All month long we’ve been connecting with our alumni with throwback posts on social media, recollections of your favorite Moishe memories, and featuring alumni here on our website. This week, our alumni appreciation continues with a spotlight on former Moishe House Aventura resident Victoria Godieva, who is currently a Biochemistry Ph.D. Candidate at Florida International University in Miami, Florida. Learn about ways to participate as an alumni.
Featured Alumna: Victoria Godieva
Current Location: Miami, Florida (USA)
By: Loán Lake, Senior Communications Manager
How It Started
When Victoria Godieva first completed her undergraduate education in 2017 at Florida International University in Miami, Florida, she was surprised at just how large the void was that remained after four years of endless activities and involvement as a young Jewish student on campus. It wasn’t until she moved back to her parents’ retirement community after graduation that she realized how much she missed the connection to her peers. That’s when she set out to find her own community – people, just like her, who were now too old for youth-related activities, but too young for existing programming that attracted an older audience. “It was a difficult transition from a college environment to young adulthood,” Victoria said.
Soon after, she discovered Moishe House while searching for ways to become involved with Jewish life through the Miami Jewish Federation newsletter. Victoria researched the organization and liked what she saw. Fortunately, there was an opportunity to create a new Moishe House in the Miami area, so she got together with two friends and opened Moishe House Aventura in 2018. “I loved being in Moishe House and everything about it. I got to meet so many people, make so many friends in the community where I grew up as a kid. Moishe House provided a place for us to gather during our young adult phase,” she said. One of Victoria’s favorite memories is the very first Shabbat dinner that she and her roommates hosted. “Some of my friends still say it was the best Shabbat they’ve ever had. It felt like a family dinner and we had 20 local, young adults who live in Aventura celebrating Shabbat like one big family,” she said.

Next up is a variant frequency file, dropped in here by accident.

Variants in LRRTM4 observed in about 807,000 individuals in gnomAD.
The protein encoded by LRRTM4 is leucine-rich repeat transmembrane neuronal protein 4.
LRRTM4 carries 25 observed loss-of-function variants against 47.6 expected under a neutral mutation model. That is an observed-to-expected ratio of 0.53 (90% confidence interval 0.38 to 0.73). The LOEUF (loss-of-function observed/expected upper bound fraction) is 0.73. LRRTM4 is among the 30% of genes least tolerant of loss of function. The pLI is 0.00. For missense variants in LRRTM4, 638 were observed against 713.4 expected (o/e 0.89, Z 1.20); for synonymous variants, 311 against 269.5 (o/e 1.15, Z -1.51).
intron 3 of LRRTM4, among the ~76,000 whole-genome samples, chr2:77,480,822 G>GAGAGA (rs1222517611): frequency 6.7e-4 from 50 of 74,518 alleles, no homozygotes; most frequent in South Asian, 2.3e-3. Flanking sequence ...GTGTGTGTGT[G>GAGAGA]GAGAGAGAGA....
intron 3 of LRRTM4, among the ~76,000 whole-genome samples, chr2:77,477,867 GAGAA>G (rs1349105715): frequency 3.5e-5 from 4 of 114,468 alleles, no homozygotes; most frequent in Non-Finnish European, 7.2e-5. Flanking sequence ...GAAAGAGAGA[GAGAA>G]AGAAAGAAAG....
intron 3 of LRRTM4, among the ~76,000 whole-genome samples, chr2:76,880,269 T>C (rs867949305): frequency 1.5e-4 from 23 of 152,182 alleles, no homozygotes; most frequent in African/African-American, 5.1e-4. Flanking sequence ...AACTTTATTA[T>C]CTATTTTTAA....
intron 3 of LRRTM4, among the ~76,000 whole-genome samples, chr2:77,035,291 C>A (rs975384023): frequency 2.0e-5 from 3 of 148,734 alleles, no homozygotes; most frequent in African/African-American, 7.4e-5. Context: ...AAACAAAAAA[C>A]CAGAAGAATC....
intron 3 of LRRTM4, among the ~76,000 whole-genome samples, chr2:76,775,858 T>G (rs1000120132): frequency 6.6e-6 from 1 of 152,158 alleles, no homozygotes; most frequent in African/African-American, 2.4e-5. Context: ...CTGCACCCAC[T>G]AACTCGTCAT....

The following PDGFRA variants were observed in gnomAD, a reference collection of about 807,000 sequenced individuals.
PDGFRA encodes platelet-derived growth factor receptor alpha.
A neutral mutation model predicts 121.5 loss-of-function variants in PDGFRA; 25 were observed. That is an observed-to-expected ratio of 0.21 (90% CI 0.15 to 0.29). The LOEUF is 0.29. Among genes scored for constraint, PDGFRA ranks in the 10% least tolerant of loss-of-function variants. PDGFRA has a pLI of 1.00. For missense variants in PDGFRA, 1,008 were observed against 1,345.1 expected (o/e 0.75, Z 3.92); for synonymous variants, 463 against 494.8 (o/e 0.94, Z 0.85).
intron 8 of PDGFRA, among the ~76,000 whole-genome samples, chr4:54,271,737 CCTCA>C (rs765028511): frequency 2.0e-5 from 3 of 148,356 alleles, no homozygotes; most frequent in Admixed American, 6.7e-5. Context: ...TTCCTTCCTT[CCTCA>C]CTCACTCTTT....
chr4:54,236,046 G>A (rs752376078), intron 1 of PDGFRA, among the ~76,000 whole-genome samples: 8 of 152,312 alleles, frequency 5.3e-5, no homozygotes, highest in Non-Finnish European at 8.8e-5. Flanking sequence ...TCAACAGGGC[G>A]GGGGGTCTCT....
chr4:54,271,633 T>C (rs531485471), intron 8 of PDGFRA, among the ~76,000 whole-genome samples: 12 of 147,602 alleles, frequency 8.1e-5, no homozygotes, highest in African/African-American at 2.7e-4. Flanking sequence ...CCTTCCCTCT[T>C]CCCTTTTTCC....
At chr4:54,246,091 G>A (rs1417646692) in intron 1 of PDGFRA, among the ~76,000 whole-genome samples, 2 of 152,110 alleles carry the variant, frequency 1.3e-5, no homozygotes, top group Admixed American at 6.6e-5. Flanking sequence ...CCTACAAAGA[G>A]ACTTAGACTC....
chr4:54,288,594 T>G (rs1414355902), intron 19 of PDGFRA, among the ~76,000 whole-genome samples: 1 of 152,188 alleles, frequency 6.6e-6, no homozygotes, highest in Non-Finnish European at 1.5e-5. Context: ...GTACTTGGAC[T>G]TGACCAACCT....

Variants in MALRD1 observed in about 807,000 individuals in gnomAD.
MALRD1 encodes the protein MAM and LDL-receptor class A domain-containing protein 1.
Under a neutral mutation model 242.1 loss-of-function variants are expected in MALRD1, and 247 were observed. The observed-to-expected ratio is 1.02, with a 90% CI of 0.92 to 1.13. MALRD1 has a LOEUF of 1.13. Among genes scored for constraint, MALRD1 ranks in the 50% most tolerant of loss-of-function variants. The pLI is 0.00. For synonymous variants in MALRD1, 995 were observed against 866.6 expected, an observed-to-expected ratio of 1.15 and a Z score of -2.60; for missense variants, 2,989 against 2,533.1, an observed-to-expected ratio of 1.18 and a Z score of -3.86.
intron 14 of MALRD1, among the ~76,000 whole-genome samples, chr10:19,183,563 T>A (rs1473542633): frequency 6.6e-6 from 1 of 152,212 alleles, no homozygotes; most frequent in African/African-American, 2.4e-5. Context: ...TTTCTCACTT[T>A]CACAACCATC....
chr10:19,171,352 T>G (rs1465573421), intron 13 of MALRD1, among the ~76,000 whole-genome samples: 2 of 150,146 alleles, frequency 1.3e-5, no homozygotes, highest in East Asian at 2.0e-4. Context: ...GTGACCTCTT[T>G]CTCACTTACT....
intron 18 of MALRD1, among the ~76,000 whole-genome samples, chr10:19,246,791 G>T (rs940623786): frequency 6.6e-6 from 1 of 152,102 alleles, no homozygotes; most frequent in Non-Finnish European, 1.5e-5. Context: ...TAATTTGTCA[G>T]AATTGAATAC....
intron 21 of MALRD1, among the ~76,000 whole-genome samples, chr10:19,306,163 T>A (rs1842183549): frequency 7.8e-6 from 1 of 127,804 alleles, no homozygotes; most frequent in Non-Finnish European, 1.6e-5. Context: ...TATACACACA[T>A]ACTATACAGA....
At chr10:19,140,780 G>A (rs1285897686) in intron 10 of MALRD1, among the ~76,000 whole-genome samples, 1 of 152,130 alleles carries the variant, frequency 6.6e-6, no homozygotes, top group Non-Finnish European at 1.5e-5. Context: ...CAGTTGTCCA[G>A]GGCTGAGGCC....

Beyond a sense of belonging, Victoria, who identifies as a Russian-Speaking Jew, also learned about the parts of her heritage that were lost when her grandmother, a Holocaust survivor was orphaned at age four in Belarus. Victoria’s grandmother did not learn to read or write until she was in her forties, therefore she was not able to share much with her own daughter. “I think that before, that I never understood what it’s like to be a part of a Jewish community. I grew up in the Soviet Union, so there was definitely a disconnect because we couldn’t practice [our] religion. In Belarus, most of the community was moving to Israel or to the U.S. and I never had a strong connection to Jewish community,” Victoria said. She also did not know much about Judaism because of her grandmother’s own limited knowledge. “She [grandmother] is Polish and was raised in a Catholic orphanage, so she couldn’t provide any knowledge to my mom. When I moved into Moishe House I was living with more religious residents, and it was a way for me to immerse myself in the community and the religion. My parents have always been encouraging of me getting involved in the Jewish community since my time as an undergraduate because it was something they couldn’t provide for me. That’s something I would have never gotten if I didn’t live in Moishe House,” Victoria said.
In her own family, Victoria has also been able to close the gap between her grandmother’s Jewish experience and her own. She is now able to pass on the traditions of her culture with her parents and stepbrother and even helped her parents to put up their first mezuzah after experiencing that ritual for herself.
How It’s Going
Victoria’s tenure as a resident ended earlier this year in the midst of the COVID-19 pandemic, but she still attends events such as Shabbat dinners at Moishe House Brickell because she misses the constant stream of programming that life as a resident provides. “It’s been a few months [since moving out] and it’s felt so weird transitioning from living in a Moishe House to living on my own. I’ve felt like something is missing,” she said. “When I moved out, Moishe House was not accepting Moishe House Without Walls (MHWOW) hosts at that time, but I still hosted Shabbat dinners with my friends. During COVID I missed seeing my friends and everyone was isolated. The house is kind of like an open house for the community,” Victoria said. “I’ve missed the feeling that something was always happening at the house – where you would have a bunch of friends over for the weekends for Shabbat and chill by the pool,” she said. To that end, Victoria has set her sights on becoming an MHWOW host once the opportunity becomes available.